By Geoffrey Smith
Investing.com -- China's central bank acts to calm markets as real estate developer Evergrande edges toward default. Iron ore prices tumble as financing conditions tighten for other developers. An FDA panel is set to review the pros and cons of vaccine booster shots against Covid-19, and oil is on course for its highest weekly close in six. Here's what you need to know in financial markets on Friday, 17th September.
1. See, see the PBoC
China’s central bank injected $14 billion in short-term liquidity to ease stress in the country’s money markets, as highly-indebted China Evergrande Group (OTC: EGRNY ) lurched closer to defaulting on some $300 billion in debts.
Chinese stocks and the yuan both rallied, in anticipation of further official measures to keep markets functioning ahead of what is expected to be the country’s biggest-ever corporate default, crystallizing a problem that has been years in the making.
The South China Morning Post reported that two of the group’s staunchest backers appear to be bailing out of Evergrande, citing securities filings that showed Joseph Lau Luen-hung, the founder of Hong Kong developer Chinese Estates Holdings Limited, and his wife Chan Hoi-wan, selling 138 million Evergrande shares over several transactions in the past month for about $64 million. The English-language mouthpiece of the Communist Party, The Global Times, said meanwhile that Evergrande was not 'too-big-to-fail'.
2. Developer problems spell trouble for iron ore
Evergrande’s problems are one of the reasons behind the increasingly sharp decline in Iron ore prices in recent days. Other developers that are also highly indebted are seeing their bonds sell off heavily, tightening financial conditions for the sector and hurting their ability to finance new projects.
Developers are among the biggest buyers of steel in China.
Iron ore futures prices have already fallen 45% from their highs since the end of July, to trade around $118 a ton in Singapore on Friday. UBS analysts said they expect prices to fall to below $100/t in the near term due to financing issues and the government’s anti-pollution drive, which will create more headwinds for steelmakers.
3. Stocks set to oen lower on economic worries; Boeing eyed.
U.S. stocks are set to open lower later, amid ongoing concern about the global economy. Those concerns weren’t banished by a superficially strong U.S. retail sales report for August on Thursday. The only data of note due Friday is the University of Michigan’s consumer sentiment index.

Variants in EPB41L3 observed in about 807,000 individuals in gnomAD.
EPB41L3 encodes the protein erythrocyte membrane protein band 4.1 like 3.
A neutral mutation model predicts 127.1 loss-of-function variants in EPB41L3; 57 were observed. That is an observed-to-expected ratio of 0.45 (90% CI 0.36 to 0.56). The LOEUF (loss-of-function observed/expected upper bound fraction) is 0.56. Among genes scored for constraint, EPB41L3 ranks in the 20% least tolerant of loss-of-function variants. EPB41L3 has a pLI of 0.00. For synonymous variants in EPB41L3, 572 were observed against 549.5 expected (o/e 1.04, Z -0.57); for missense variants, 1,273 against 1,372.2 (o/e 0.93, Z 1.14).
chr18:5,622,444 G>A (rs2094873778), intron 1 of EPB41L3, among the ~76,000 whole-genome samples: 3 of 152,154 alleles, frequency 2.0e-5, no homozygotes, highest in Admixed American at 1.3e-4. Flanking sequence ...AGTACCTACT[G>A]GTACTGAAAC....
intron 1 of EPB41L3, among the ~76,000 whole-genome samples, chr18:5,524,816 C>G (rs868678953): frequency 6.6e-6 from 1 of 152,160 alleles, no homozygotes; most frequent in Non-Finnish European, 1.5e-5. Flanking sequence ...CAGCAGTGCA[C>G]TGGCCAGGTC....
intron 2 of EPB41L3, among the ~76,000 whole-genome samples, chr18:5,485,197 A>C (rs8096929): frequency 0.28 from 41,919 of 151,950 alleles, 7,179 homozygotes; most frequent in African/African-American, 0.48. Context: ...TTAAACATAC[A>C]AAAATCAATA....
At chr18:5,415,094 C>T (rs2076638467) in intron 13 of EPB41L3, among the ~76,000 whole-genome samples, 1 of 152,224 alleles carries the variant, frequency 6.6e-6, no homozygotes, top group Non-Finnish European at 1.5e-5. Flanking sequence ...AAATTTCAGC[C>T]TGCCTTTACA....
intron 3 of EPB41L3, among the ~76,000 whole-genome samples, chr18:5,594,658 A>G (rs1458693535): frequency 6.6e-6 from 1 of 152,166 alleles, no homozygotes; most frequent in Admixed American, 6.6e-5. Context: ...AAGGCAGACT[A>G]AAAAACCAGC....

By 6:20 AM ET (1020 GMT), all the major index futures were down by around 0.3%, with Dow Jones futures losing 100 points, S&P 500 futures losing 15 points and Nasdaq 100 futures down around 41 points.
Among the stocks likely to be in focus later are Boeing (NYSE: BA ), after a report that one of its pilots is likely to face criminal charges for allegedly misleading regulators over the safety of the 737 MAX. Also in focus is Lucid (NASDAQ: LCID ), which continued to gain in premarket after rallying on a positive certification of its electric vehicles’ driving range on Thursday.
4. FDA to review booster shots as U.S. Covid deaths hit 7-month high
An outside advisory panel at the Food and Drug Administration is due to review the risks and benefits of giving Covid-19 vaccine booster shots.
Stocks in vaccine makers such as Pfizer (NYSE: PFE ) and Moderna (NASDAQ: MRNA ) have had mixed fortunes in recent weeks against a backdrop of reports suggesting that the efficacy of their vaccines wanes over time. The companies themselves have used this as an argument to support the case for boosters, which would translate into billions of dollars of extra sales.
The U.S. is still waiting for the rate of new infections to break decisively lower, despite a moderate drop in Covid-19 cases in recent days. The number of deaths attributed to the disease rose to its highest since February on Thursday, at over 3,400.
5. Gulf tightness keeps oil prices supported
Crude oil prices eased slightly but are still on course for their highest weekly close in six weeks, as the continued absence of Gulf of Mexico production continues to squeeze prices higher – all the more so against a backdrop of U.S. inventories that are at their lowest level in three years. The Gulf outages since Hurricane Ida have more than offset the extra oil flowing from OPEC and its allies this month under their stepped scheduled for removing last year’s emergency output cuts.
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